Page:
This bias has shown up in all sorts of ways: we are more sensitive towards emotionally negative events; basically, it’s easier for something to make us feel sad than for something to make us feel happy. We often prefer to spend more time and attention on negative events than positive events, like remembering negative experiences or watching disasters on the news. We are more likely to notice negative events, or negative traits in people. Negative personality traits, like laziness or jealousy are more important to us than traits like kindness or honesty when we decide whether to like a person (Rozin & Royzman, 2001; Ito, Larsen, Smith, & Cacioppo, 1998).

The Negativity Bias has a lot to do with how our brains direct our attention. Negative information holds our attention for longer than neutral or positive information. Because we’re drawn to negative information so automatically, it is difficult to control our attention and direct it on something else (positive) instead. The Stroop Task, a famous attention task in cognitive psychology, can also tell us about the negativity bias; specifically, a version of the task referred to as the Emotional Stroop Task. This is how it works:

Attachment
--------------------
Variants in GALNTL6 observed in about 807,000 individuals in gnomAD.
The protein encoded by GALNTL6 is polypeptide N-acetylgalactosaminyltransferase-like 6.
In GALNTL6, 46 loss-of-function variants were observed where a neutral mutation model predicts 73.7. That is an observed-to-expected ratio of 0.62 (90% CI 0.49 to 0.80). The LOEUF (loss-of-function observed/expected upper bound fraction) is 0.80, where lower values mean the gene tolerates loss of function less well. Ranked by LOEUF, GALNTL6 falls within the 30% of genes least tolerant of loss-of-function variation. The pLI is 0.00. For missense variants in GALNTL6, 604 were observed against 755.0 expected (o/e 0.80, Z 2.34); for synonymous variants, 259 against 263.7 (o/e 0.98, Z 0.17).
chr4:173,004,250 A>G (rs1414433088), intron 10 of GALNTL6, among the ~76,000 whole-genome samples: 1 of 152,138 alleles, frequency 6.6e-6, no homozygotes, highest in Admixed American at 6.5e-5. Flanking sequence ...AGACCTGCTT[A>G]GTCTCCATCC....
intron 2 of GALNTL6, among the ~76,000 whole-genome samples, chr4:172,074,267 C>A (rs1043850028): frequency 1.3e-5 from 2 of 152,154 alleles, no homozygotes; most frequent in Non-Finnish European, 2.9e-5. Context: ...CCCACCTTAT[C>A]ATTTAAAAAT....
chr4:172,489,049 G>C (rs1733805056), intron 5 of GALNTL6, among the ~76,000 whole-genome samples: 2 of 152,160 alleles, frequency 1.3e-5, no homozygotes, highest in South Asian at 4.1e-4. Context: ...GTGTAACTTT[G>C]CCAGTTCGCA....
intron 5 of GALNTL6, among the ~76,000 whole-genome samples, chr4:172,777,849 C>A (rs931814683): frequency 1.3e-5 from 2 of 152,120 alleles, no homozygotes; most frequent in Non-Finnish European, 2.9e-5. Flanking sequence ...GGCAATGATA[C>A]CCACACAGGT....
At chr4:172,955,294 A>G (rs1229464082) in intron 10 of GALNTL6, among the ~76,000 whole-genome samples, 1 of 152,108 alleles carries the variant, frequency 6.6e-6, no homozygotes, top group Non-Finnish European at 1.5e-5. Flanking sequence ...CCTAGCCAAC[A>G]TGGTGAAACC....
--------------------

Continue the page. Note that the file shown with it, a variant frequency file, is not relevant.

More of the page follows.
In the original Stroop Task, participants are presented a list of words that are written in different colors. They are told to report the color the word is written in to the experimenter. Participants have to signore the meaning of the word, which is difficult because reading is (often) a fairly immediate and automatic process. Participants then have to consciously move their attention to focus on the color of the word and report it to the experimenter in order to complete the task. This is particularly tricky, because the meaning of the word (blue, for example) and the color of the word (the font of the word ‘blue’ is colored green, for example) don’t match.